Moonshots, private space stations and more: NASA chief Bill Nelson on the future of human spaceflight

COLORADO SPRINGS, Colo .– NASA Administrator Bill Nelson believes the future of the agency’s human spaceflight is bright, despite the inherent difficulty of the business and some difficult international issues.

“NASA is an agency of winners,” Nelson told Space.com at the 36th annual Space Symposium, which took place here last month.

The space agency is set to return humans to the moon with its Artemis program while continuing to navigate delicate international relations and look to the future of low Earth orbit, including the ultimate retreat from the International Space Station. And there are plenty of obstacles.

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NASA Administrator Bill Nelson addresses the crowd on August 24, 2021 during the 36th Annual Space Symposium.

NASA Administrator Bill Nelson addresses the crowd on August 24, 2021, during the 36th Annual Space Symposium. (Image credit: Space Foundation)

It’s hard to go to the moon

With Artemis, NASA aims to bring astronauts – including the first woman and the first person of color – back to the lunar surface and, in the longer term, establish a lasting human presence on and around the moon. But, even in the past year, the agency has faced a host of obstacles that have jeopardized its initial goal of a crewed moon landing by 2024.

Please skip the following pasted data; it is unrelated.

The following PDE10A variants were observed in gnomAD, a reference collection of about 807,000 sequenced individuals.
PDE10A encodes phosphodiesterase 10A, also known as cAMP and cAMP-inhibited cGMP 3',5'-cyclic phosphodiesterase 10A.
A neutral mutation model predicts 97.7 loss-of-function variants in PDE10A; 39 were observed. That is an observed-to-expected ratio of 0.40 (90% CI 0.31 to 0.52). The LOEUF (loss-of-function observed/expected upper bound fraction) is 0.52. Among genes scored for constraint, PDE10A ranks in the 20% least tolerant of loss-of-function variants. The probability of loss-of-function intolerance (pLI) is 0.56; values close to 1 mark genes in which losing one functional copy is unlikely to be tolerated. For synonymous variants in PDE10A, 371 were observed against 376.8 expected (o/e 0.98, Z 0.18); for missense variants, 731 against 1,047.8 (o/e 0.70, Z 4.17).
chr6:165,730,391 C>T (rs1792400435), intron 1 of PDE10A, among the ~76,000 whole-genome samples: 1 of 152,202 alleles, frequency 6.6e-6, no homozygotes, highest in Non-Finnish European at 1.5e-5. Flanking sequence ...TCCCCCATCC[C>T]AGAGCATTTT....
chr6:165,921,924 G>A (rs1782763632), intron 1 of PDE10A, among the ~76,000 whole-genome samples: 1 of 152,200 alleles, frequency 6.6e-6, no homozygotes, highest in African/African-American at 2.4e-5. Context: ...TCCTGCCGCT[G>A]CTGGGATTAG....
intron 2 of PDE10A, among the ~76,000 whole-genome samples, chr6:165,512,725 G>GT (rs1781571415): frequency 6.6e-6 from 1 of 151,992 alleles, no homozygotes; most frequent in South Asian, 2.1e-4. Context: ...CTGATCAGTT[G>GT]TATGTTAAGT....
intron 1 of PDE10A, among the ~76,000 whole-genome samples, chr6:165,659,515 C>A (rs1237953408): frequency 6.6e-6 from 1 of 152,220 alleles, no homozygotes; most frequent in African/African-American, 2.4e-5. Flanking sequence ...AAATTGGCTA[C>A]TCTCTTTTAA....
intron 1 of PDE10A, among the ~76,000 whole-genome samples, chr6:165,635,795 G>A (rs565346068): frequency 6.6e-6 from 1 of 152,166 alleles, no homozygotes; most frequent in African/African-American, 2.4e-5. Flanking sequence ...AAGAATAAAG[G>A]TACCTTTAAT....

The 2024 target is ambitious even without obstacles. But, like the rest of the world, NASA has also had to deal with the COVID-19 pandemic, which has made its work on Artemis and other programs more difficult.

Additionally, the NASA Inspector General recently discovered that delays and challenges in developing the agency’s new next-generation spacesuits, which Artemis astronauts will wear, could make a moon landing in 2024 “impossible. “. Space suit issues, which were caused, in part, by COVID-19 supply chain issues and technical challenges, remain an issue.

But “NASA is a bunch of people who are winners, they are people who can do it,” Nelson told Space.com. “And whatever the obstacle, we will get there … and there have been obstacles.” Nelson added that NASA “has been voted the best COVID management of all departments of the US government. So we are going to do it ”.

“Space is tough,” Nelson said. And, he added of space suits, “they’ve been developed over the last 10 years. It’s a totally different type of suit… we’re developing the spacesuit of the future. And they’ve had some delays. in of course, but space is difficult. And you often run into these delays. “

When asked if NASA could meet its moon landing target in 2024, Nelson replied, “Well, will it be in 2024? No. It will be in 23”. This is a reference to the Artemis 2 mission, which aims to send humans into lunar orbit in 2023. (The moon landing mission is Artemis 3.)

Related: The evolution of the spacesuit in pictures

Space marketing

Space, and in particular low Earth orbit (LEO), is increasingly “commercialized” as more and more private companies become involved in launch technology, satellites, science and more in this neighboring space zone. And, as LEO companies develop and launch new technologies, this commercialization extends to the space station as well.